Friday, 5 May 2006

Ruddy Ducks at 12 o'clock

For a week when I should be taking it easy, I had quite a lot that had to be done; routine hospital appointments two days in a row in different locations, east yesterday, west today.

Afterwards my PA and I went for a 'walk' at the RSPB at Radipole Lake. A bird nature reserve, originally marsh land down to the sea at Weymouth. Now surrounded by dual carriageways taking the traffic to KFC, Carpets-R-Us and the like, the constant traffic noise a distraction.

Despite the background noise, the reserve is peaceful and the paths along the water; with willows, hawthorn, blackthorn, and through the reeds, are accessible, with reed warblers very vocal, cormorants lined up on poles, swans, swallows, and a pair of grebe. I was quite pleased, never having seen a grebe before, I don't think. Then just as we turned to go back, I said "Ruddy Ducks at 12 o'clock" meaning straight ahead (when the big hand is on the 12 and the little hand is on the 12 - on the clock) which made my PA laugh.

I explained that when I was a little thing, my father (ex-RAF ground crew) used all sorts of phrases from his airforce days. If we were out and he wanted to draw attention to something he would say; xxx at 3 o'clock (to your right) or xxx at 9 o'clock (to your left). However, like many mysteries of childhood, he had never thought to explain to his daughter what he meant by the o'clock thing.

I had been thinking of my father all day, since a phone call this morning, planning a 'walk' in the woods tomorrow, the bluebell woods. My father died in 1998 (I hope that is the right year, my memory !) and was buried, typically, at the time of the solar eclipse, the ambient light dimming to dark grey as we left the church. 'Typically ?' - yes I know, he only did it once (being buried) therefore it could not be a typical act, but the combination of circumstances that led to him being buried on that day at that time was 'typical' of him. He had bipolar disorder and was a very forceful character, who made an impact on the world around him, often pedantic but, also, often positive. Being buried at the time of the solar eclipse was typical.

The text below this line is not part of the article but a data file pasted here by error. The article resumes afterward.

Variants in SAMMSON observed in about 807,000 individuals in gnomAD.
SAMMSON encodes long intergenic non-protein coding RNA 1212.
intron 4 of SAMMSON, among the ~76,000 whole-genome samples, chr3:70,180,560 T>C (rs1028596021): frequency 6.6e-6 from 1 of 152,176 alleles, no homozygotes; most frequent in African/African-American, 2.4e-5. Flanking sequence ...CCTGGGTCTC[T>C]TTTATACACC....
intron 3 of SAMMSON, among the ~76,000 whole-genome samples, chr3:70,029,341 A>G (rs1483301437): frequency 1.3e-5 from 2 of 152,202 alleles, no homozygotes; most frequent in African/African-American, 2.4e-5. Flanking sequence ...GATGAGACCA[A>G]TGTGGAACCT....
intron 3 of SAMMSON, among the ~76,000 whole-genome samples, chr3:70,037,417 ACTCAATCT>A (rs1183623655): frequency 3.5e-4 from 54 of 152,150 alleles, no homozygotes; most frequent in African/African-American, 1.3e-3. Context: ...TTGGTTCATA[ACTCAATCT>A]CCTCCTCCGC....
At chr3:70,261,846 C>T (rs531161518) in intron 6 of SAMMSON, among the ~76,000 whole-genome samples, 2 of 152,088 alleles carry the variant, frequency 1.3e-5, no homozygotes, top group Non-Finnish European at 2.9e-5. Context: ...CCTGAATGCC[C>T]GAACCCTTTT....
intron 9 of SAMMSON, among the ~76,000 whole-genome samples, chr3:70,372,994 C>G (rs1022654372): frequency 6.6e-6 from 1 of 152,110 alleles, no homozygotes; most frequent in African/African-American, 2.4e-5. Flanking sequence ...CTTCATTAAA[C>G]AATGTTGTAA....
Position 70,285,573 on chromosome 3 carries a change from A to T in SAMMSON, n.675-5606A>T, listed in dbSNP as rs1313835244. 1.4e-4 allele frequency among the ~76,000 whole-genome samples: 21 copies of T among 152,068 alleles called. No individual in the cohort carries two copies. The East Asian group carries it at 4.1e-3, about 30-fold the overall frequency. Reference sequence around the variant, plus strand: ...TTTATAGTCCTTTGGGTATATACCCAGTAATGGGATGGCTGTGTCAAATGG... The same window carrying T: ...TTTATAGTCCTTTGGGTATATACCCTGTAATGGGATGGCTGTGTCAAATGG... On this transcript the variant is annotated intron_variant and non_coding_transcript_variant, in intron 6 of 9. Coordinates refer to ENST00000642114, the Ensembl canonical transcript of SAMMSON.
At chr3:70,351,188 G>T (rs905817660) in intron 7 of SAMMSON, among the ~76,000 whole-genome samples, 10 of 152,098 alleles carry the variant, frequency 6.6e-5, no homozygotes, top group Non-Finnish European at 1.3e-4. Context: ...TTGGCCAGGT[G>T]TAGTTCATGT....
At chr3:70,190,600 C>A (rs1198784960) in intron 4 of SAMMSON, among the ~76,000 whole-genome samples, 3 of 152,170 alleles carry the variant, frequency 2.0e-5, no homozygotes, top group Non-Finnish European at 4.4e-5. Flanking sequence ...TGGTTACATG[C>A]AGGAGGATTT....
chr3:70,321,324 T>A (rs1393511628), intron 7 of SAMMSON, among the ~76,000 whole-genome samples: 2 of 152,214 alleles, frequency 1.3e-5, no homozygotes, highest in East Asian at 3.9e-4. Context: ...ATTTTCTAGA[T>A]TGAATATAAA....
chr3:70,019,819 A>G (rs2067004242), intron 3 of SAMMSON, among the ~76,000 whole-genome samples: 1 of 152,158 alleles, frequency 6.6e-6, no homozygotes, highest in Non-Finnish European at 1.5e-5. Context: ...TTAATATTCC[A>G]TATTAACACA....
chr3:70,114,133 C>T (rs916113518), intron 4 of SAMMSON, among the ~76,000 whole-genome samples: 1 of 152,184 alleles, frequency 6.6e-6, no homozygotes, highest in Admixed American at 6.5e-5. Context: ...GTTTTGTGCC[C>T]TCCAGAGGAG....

My mother, being the daft mother she is, had arranged the funeral for the day before the eclipse (naturally being unaware of the everyday world events at that time), then panicked when she realised she had arranged the funeral for the day of my birthday, so she made a huge effort to change the arrangements to the following day; and rang me to explain. Then my sister rang and said; "typical, you know what day that is !" Oh my ..... no, that is just going to be too weird, said I, but we cannot change it again. So, typical. "Ruddy 'ell", as my father would have said.

'Ruddy' was the only expletive he would allow himself, being a god-fearing teetotal-er who gave up drink and cigarettes after his brass band playing days, but only after he had the honour of playing a solo spot on his trombone at the Royal Albert Hall in London ("bye, 'eck, our lad, yuv dun al'reet thee-r") when the village band won the National Brass Band Championships - yes, just like the film 'Brassed Off' !

Back to the Ruddy Ducks. The male was such a beautiful ruddy red colour, like dark terracotta brick dust, or that deep brown tinged with red on a wizened Egremont Russet keeping apple that hasn't kept and has, unnoticed, slowly rotted to a soft pulp still in its skin. As this is mating time, the Ruddy Duck had dipped his beak in sky blue gloss paint and was wagging it from side to side to catch his lady's attention.

Therefore, when I saw the Ruddy Duck I unconsciously used a term my ruddy father would have used. This morning's phone call arranging the 'walk' was from a young relation with M.E. and I am glad she suggested it, as she does not have the stamina to do such things usually; this is a good sign. The fact that I am not my usual self at present, does not come into the equation, so she will not know this.

In the woods each spring, before the bluebells, are daffodils, not in naturalised clumps, but in straight lines, outlining invisible rectangles, deep in the wood in slight clearings that have only recently in the last sixty years or so, begun to grow trees again.